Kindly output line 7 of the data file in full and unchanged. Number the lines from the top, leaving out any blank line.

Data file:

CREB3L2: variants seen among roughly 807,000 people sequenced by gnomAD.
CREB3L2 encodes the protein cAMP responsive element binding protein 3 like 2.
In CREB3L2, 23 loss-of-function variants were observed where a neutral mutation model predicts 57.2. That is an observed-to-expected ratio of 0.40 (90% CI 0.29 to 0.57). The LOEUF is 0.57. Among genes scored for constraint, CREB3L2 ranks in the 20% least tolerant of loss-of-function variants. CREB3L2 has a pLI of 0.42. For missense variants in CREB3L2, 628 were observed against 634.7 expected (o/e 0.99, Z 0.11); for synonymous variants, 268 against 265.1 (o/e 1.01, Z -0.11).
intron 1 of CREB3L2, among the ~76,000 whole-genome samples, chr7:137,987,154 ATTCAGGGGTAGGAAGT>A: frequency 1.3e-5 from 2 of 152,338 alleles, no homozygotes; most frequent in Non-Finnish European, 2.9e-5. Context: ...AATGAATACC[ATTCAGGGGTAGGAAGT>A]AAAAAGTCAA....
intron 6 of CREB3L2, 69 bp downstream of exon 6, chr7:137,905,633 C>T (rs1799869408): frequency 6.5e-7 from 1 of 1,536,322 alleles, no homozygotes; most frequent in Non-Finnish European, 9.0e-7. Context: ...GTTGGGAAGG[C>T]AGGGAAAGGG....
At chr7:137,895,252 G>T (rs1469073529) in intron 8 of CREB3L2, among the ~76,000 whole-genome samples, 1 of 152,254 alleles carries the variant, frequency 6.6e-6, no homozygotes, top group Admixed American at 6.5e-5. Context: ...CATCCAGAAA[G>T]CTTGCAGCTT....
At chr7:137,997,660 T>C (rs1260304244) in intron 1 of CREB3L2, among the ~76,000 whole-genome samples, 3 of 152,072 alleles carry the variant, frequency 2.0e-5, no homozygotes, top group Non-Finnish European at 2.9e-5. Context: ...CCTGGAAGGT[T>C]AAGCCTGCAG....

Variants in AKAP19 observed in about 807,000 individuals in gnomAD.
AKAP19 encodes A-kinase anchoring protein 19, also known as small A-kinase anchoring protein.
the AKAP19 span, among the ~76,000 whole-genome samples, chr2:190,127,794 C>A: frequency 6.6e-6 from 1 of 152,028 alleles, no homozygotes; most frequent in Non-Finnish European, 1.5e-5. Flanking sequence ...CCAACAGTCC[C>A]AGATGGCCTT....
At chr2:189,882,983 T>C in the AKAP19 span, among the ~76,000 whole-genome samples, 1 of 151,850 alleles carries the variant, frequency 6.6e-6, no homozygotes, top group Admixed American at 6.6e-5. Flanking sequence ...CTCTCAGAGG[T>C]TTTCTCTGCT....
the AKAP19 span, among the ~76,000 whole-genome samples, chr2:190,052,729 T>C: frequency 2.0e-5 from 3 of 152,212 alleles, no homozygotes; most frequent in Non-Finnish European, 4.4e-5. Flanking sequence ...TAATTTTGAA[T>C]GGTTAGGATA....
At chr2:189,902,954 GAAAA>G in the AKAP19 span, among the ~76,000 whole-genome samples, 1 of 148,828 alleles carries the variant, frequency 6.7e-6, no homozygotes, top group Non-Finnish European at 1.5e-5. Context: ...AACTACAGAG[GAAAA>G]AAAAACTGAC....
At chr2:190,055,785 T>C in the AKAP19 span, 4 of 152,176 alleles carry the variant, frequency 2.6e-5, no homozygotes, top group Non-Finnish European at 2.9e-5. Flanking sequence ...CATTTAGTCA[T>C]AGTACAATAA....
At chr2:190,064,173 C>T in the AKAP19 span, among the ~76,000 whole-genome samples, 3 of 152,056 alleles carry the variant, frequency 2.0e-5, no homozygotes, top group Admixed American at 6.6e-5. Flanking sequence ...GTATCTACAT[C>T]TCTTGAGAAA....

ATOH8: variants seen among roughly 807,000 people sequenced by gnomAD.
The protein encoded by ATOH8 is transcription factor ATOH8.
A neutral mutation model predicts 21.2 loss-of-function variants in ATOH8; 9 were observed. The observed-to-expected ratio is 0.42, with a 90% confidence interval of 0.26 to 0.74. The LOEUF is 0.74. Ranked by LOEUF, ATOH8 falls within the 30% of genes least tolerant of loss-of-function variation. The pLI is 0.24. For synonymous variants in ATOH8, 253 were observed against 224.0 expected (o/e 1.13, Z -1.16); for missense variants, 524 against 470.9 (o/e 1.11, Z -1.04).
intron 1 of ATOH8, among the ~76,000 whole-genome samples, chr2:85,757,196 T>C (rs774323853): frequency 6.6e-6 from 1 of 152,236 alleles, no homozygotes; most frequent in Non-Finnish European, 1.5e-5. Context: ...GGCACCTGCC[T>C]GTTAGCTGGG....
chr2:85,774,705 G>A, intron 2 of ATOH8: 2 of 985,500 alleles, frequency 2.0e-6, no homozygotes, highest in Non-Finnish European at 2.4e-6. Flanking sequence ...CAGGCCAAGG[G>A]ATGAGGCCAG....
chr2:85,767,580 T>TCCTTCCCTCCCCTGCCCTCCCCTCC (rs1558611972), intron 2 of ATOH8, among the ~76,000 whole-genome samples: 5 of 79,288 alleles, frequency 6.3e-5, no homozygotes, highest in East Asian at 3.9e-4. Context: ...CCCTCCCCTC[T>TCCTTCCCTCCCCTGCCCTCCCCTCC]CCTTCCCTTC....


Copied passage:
At chr7:137,997,660 T>C (rs1260304244) in intron 1 of CREB3L2, among the ~76,000 whole-genome samples, 3 of 152,072 alleles carry the variant, frequency 2.0e-5, no homozygotes, top group Non-Finnish European at 2.9e-5. Context: ...CCTGGAAGGT[T>C]AAGCCTGCAG....